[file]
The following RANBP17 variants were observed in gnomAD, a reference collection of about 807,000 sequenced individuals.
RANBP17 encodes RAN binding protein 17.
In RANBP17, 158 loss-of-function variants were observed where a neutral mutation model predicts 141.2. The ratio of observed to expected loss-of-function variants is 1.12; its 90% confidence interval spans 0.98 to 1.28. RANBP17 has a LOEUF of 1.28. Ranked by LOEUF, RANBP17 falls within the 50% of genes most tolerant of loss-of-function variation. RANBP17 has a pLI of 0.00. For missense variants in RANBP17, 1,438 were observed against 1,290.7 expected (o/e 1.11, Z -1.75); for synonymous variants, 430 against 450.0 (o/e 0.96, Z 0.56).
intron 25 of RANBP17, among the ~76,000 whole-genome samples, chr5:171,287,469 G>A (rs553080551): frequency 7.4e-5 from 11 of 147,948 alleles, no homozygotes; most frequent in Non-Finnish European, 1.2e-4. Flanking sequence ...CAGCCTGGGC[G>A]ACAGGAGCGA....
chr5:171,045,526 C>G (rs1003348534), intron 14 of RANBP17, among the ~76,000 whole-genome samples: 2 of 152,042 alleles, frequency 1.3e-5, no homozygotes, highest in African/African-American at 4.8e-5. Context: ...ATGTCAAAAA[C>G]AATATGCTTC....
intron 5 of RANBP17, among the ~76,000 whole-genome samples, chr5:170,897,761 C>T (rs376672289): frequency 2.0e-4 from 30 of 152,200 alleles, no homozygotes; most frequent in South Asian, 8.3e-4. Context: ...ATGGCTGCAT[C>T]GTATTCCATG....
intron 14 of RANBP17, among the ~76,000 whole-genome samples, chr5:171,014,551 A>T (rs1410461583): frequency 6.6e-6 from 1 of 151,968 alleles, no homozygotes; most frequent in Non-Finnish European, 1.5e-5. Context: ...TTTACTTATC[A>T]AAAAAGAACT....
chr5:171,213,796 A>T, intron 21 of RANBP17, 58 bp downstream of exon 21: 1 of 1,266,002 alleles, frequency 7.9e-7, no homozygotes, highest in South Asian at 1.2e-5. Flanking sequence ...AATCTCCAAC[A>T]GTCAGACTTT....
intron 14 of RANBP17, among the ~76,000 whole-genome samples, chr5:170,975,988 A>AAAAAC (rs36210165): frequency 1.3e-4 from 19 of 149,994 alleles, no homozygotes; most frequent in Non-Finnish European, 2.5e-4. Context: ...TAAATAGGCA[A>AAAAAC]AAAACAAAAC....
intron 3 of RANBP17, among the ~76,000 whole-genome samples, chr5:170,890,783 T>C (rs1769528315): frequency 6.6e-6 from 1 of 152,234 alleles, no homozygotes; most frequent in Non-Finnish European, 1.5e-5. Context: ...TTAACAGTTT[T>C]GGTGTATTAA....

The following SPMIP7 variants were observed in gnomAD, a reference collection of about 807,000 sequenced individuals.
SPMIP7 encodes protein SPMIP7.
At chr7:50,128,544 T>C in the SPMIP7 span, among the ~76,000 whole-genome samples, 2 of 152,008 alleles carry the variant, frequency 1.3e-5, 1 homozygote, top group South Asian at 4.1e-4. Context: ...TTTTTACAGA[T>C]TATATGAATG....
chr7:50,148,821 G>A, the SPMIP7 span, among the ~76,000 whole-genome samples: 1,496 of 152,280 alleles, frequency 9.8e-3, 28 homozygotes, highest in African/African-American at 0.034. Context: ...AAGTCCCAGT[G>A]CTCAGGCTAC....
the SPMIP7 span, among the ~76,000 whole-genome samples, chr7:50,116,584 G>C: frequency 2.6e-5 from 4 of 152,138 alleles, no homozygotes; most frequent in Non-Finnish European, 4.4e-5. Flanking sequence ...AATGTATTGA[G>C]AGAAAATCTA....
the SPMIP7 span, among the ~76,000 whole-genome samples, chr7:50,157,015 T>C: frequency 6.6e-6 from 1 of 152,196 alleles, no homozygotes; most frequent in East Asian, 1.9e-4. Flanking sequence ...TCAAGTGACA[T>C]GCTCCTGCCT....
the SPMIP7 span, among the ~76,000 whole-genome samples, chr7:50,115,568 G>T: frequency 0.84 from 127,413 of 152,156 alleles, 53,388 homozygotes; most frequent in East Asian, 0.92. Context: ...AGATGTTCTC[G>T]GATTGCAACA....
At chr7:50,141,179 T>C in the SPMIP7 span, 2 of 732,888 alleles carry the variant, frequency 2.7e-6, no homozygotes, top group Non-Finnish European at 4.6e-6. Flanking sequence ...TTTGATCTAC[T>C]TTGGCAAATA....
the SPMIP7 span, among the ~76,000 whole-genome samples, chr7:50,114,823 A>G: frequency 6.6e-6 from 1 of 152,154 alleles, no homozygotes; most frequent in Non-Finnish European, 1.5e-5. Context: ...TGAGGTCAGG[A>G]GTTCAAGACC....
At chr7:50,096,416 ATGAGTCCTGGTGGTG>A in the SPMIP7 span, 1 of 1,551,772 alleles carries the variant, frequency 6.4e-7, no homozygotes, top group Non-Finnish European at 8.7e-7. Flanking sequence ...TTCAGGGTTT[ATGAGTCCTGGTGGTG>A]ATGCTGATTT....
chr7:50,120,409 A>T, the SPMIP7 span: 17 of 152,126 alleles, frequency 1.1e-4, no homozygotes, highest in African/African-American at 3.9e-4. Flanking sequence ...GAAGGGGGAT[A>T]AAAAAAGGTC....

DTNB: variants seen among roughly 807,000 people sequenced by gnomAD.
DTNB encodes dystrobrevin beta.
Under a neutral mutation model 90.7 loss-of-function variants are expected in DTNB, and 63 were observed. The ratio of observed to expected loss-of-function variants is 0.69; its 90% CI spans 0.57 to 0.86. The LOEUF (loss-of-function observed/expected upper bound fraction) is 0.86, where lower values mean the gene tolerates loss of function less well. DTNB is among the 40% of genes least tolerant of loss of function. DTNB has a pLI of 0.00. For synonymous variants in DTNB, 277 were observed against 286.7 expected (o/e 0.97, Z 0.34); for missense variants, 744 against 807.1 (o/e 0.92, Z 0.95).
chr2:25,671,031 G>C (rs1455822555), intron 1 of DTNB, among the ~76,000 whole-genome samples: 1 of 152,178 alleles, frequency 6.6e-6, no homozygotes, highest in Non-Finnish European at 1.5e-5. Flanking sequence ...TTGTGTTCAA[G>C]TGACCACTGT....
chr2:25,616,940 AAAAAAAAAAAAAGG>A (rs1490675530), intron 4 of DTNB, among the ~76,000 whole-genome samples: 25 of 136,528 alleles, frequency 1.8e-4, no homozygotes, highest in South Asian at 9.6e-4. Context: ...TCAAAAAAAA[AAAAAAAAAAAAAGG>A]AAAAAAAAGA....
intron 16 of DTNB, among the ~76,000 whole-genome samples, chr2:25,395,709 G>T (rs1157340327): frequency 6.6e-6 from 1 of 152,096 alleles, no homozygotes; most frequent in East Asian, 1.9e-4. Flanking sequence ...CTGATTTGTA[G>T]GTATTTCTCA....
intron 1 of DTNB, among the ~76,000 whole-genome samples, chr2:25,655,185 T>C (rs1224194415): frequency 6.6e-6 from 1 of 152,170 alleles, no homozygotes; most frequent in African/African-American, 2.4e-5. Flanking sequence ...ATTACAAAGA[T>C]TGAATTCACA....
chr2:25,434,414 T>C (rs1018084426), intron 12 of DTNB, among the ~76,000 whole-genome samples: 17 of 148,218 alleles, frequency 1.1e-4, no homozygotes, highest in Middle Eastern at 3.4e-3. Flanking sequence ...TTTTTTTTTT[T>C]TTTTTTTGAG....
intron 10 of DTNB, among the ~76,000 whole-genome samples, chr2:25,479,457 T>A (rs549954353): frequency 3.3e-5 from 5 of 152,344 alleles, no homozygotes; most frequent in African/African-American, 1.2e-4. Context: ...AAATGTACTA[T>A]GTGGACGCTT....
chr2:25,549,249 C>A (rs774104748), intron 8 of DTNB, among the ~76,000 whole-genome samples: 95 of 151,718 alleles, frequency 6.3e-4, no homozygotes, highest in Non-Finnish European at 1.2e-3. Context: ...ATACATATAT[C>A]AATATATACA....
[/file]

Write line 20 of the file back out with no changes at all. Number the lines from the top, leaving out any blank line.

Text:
At chr7:50,096,416 ATGAGTCCTGGTGGTG>A in the SPMIP7 span, 1 of 1,551,772 alleles carries the variant, frequency 6.4e-7, no homozygotes, top group Non-Finnish European at 8.7e-7. Flanking sequence ...TTCAGGGTTT[ATGAGTCCTGGTGGTG>A]ATGCTGATTT....